HT Picks: New Reads
This week’s interesting reads includes a book that teaches you to tackle rejection, one that looks at Bangladesh at 50, and a literary biography of MK GandhiUpdated: Sep 18, 2020, 20:33 IST
TALES OF REJECTION AND REDEMPTION
In Spring - Bouncing Back From Rejection, Ambi Parameswaran puts down the various stories of rejection from his own life as well as those encountered by some of the biggest names across various fields of work like business, design, arts, and entertainment. Aimed at 20 to 40-year-olds struggling with challenges and fears, Spring is packed with tales of rejection and redemption. From Walt Disney, The Beatles, Thomas Alva Edison and Michael Jordan to Dr APJ Abdul Kalam, the founders of Infosys, and author Amish, a lot of successful people have used rejections as a pivot to swing their careers and businesses around. Every challenge, every rejection can be used as a springboard to help an individual become a little better at what she does, to become a better professional, a better entrepreneur and a better executive. Spring shares the stories of how successful business leaders, sportspersons, artists, authors and entrepreneurs managed to spring back to action overcoming rejection and other barriers.*
BANGLADESH AT 50: THE NATION’S RELATIONSHIP WITH THE WORLD AND WITH INDIA
At present, Bangladesh is one of the fastest growing economies in Asia, which has transitioned to a middle-income country, progressing significantly in terms of both development and social welfare parameters. Recognised as a multi-party democracy, it has improved its energy and transport sectors, maintained better human development indicators than its neighbours, and lifted a substantial section of its population from abject poverty. Bangladesh at 50 traces the country’s history since 1971, while also commenting on the possible concerns that societal, political and institutional structures are likely to face in the future. The chapters study Bangladesh’s relationship with the world and with India; the role played by multilateral funding agencies and the success of two major NGOs, the Grameen Bank and BRAC; the development of trade and exports as well as the garment industry; issues related to the environment and water; and Islamisation and militancy, along with the role of women in society.*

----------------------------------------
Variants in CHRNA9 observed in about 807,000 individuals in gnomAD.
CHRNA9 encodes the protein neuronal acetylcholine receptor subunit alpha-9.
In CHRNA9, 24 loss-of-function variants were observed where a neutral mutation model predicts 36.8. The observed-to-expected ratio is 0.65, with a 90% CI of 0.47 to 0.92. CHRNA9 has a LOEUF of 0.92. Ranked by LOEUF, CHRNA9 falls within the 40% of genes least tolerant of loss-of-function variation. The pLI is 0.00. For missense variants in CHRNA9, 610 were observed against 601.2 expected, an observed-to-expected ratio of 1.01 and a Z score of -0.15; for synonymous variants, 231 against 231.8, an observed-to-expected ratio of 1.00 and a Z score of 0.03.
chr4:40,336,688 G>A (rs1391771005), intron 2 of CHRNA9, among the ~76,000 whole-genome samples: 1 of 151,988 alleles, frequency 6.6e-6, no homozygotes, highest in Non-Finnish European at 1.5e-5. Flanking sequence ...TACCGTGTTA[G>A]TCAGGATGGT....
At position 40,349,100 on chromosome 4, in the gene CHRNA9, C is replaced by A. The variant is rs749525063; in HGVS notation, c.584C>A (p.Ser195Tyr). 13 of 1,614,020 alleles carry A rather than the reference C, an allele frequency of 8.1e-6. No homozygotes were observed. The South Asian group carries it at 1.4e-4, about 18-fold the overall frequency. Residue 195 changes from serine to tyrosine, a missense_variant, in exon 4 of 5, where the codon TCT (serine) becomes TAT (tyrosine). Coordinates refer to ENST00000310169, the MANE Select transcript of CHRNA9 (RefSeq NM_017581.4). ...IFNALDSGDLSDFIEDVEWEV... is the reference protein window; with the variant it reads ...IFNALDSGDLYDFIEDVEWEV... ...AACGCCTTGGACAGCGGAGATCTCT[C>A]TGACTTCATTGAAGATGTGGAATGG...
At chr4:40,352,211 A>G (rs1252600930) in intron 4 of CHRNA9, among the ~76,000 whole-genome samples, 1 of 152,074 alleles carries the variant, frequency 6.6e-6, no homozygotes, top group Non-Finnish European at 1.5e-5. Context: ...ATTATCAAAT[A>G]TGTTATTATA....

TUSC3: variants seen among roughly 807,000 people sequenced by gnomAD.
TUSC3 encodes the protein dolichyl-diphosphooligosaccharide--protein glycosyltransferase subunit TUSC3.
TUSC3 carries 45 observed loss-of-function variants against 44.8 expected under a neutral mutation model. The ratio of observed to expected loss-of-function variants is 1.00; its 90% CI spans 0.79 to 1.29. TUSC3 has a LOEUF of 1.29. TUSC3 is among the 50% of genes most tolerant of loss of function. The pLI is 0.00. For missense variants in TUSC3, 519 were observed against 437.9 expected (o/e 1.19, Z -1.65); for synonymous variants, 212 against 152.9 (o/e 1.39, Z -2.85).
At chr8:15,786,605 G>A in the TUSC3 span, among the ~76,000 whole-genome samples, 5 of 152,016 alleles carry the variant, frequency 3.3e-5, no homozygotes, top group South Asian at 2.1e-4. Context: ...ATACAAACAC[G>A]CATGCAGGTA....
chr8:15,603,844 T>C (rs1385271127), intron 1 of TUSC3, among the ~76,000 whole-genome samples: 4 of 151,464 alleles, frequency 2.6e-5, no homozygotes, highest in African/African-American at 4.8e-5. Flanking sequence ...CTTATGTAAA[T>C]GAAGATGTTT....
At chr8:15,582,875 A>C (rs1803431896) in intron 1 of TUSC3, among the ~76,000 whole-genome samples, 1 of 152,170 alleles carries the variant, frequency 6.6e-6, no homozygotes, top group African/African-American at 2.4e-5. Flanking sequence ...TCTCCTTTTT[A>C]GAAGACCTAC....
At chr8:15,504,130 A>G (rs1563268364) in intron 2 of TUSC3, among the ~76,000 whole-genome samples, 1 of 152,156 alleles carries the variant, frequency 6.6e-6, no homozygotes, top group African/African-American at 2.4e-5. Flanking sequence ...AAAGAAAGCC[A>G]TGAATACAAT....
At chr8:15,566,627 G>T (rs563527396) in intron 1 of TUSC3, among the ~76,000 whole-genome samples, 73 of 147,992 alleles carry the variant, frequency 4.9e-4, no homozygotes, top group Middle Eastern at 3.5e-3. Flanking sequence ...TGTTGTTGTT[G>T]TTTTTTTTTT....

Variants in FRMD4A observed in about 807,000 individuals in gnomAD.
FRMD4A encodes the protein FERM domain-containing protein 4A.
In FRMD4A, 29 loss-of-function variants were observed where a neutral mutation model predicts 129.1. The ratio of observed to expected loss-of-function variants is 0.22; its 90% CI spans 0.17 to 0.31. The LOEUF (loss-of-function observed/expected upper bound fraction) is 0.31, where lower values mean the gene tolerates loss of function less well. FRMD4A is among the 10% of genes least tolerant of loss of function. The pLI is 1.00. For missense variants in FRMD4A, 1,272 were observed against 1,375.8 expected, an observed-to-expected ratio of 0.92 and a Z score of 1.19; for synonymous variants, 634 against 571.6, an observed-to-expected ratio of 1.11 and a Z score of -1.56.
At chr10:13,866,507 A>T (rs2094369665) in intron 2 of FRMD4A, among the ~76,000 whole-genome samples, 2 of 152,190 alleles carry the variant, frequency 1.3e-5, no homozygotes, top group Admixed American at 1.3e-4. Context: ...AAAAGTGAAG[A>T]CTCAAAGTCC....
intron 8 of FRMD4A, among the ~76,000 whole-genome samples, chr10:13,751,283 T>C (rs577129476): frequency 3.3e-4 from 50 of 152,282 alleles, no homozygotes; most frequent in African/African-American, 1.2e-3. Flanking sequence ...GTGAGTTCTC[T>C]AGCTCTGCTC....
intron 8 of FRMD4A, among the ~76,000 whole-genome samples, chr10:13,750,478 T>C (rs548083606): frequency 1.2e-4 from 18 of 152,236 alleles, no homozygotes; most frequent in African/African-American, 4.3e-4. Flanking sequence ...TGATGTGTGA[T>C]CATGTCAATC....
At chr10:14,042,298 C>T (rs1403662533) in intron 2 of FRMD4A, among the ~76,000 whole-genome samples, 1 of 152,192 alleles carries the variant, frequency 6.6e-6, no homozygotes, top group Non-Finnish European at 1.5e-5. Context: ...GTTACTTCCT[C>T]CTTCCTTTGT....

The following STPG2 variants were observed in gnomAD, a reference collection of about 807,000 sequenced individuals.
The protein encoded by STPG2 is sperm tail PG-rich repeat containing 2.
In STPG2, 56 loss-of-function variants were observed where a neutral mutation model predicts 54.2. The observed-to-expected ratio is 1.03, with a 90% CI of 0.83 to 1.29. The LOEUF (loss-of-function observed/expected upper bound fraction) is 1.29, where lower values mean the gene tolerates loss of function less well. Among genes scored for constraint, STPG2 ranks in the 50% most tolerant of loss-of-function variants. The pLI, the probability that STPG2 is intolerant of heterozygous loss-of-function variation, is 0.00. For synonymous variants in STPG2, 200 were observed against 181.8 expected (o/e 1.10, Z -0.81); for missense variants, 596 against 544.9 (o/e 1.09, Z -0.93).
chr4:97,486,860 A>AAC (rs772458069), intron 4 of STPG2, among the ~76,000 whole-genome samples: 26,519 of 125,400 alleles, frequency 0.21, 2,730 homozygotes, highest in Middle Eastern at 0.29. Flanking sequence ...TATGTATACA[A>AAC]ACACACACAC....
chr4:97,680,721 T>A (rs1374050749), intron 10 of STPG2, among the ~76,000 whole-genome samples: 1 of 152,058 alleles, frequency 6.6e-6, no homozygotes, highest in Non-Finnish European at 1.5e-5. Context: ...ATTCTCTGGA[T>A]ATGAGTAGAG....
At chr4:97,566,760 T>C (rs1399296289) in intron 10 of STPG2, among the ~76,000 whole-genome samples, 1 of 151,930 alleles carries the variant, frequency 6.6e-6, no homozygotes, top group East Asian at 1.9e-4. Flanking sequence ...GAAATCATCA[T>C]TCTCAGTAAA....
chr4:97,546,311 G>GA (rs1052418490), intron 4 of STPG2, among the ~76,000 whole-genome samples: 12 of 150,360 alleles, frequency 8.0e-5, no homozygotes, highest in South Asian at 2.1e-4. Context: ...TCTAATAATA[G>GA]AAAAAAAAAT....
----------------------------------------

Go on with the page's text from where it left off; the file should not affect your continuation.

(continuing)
THE IDEA OF DHARMA AS A FRAMEWORK FOR GANDHISM
Mahatma Gandhi: The Great Indian Way focuses on Gandhi’s years in South Africa, the birth of non-violent resistance, and then moves into the epic freedom struggle in India. Raja Rao wrote in a fable-like, non-linear chronology, unprecedented for any biography of Gandhi — a writing that Rao claimed to be ‘an experiment in honesty’.
The life of Mahatma Gandhi has transformed into legend. In Mahatma Gandhi: The Great Indian Way, Raja Rao upends the genre of the literary biography with inventive non-linear chronology, through dialogue and anecdote, situating the physical within the metaphysical, and with a text that is both retrospective and contemporary at the same time. By mapping genealogies and distilling them, Rao focuses on Gandhi’s years in South Africa before moving into the freedom struggle in India, which brought Gandhi to worldwide renown in his own lifetime.
With an emphasis on the idea of dharma as a framework for Gandhism, this is the story of the man as much as the Mahatma.*
*All copy from press releases.